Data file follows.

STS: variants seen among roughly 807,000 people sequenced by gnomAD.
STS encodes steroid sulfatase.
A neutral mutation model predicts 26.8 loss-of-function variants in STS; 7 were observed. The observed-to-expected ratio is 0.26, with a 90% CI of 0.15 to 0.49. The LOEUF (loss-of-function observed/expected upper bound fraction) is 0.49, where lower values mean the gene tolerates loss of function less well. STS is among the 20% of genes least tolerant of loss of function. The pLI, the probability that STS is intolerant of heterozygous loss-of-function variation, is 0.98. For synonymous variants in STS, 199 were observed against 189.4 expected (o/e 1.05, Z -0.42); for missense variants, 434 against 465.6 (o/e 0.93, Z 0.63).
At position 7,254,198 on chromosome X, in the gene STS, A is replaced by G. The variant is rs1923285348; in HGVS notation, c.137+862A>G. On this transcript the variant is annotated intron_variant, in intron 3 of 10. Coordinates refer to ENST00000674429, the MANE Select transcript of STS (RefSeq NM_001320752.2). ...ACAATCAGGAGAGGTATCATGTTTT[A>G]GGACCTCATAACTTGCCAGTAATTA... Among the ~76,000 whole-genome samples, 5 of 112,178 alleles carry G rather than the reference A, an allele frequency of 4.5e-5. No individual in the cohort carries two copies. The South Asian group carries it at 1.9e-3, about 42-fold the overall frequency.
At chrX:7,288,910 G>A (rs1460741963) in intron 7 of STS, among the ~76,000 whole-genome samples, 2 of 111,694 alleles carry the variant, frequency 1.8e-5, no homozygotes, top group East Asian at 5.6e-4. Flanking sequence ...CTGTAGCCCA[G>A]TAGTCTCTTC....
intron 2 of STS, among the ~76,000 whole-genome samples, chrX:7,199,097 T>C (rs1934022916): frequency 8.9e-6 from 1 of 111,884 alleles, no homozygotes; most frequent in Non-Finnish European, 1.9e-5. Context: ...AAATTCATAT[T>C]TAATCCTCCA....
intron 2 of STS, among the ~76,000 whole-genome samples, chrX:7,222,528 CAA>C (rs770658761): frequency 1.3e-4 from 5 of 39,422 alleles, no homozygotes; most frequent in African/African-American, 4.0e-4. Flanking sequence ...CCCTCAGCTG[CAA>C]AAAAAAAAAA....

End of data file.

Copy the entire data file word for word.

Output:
STS: variants seen among roughly 807,000 people sequenced by gnomAD.
STS encodes steroid sulfatase.
A neutral mutation model predicts 26.8 loss-of-function variants in STS; 7 were observed. The observed-to-expected ratio is 0.26, with a 90% CI of 0.15 to 0.49. The LOEUF (loss-of-function observed/expected upper bound fraction) is 0.49, where lower values mean the gene tolerates loss of function less well. STS is among the 20% of genes least tolerant of loss of function. The pLI, the probability that STS is intolerant of heterozygous loss-of-function variation, is 0.98. For synonymous variants in STS, 199 were observed against 189.4 expected (o/e 1.05, Z -0.42); for missense variants, 434 against 465.6 (o/e 0.93, Z 0.63).
At position 7,254,198 on chromosome X, in the gene STS, A is replaced by G. The variant is rs1923285348; in HGVS notation, c.137+862A>G. On this transcript the variant is annotated intron_variant, in intron 3 of 10. Coordinates refer to ENST00000674429, the MANE Select transcript of STS (RefSeq NM_001320752.2). ...ACAATCAGGAGAGGTATCATGTTTT[A>G]GGACCTCATAACTTGCCAGTAATTA... Among the ~76,000 whole-genome samples, 5 of 112,178 alleles carry G rather than the reference A, an allele frequency of 4.5e-5. No individual in the cohort carries two copies. The South Asian group carries it at 1.9e-3, about 42-fold the overall frequency.
At chrX:7,288,910 G>A (rs1460741963) in intron 7 of STS, among the ~76,000 whole-genome samples, 2 of 111,694 alleles carry the variant, frequency 1.8e-5, no homozygotes, top group East Asian at 5.6e-4. Flanking sequence ...CTGTAGCCCA[G>A]TAGTCTCTTC....
intron 2 of STS, among the ~76,000 whole-genome samples, chrX:7,199,097 T>C (rs1934022916): frequency 8.9e-6 from 1 of 111,884 alleles, no homozygotes; most frequent in Non-Finnish European, 1.9e-5. Context: ...AAATTCATAT[T>C]TAATCCTCCA....
intron 2 of STS, among the ~76,000 whole-genome samples, chrX:7,222,528 CAA>C (rs770658761): frequency 1.3e-4 from 5 of 39,422 alleles, no homozygotes; most frequent in African/African-American, 4.0e-4. Flanking sequence ...CCCTCAGCTG[CAA>C]AAAAAAAAAA....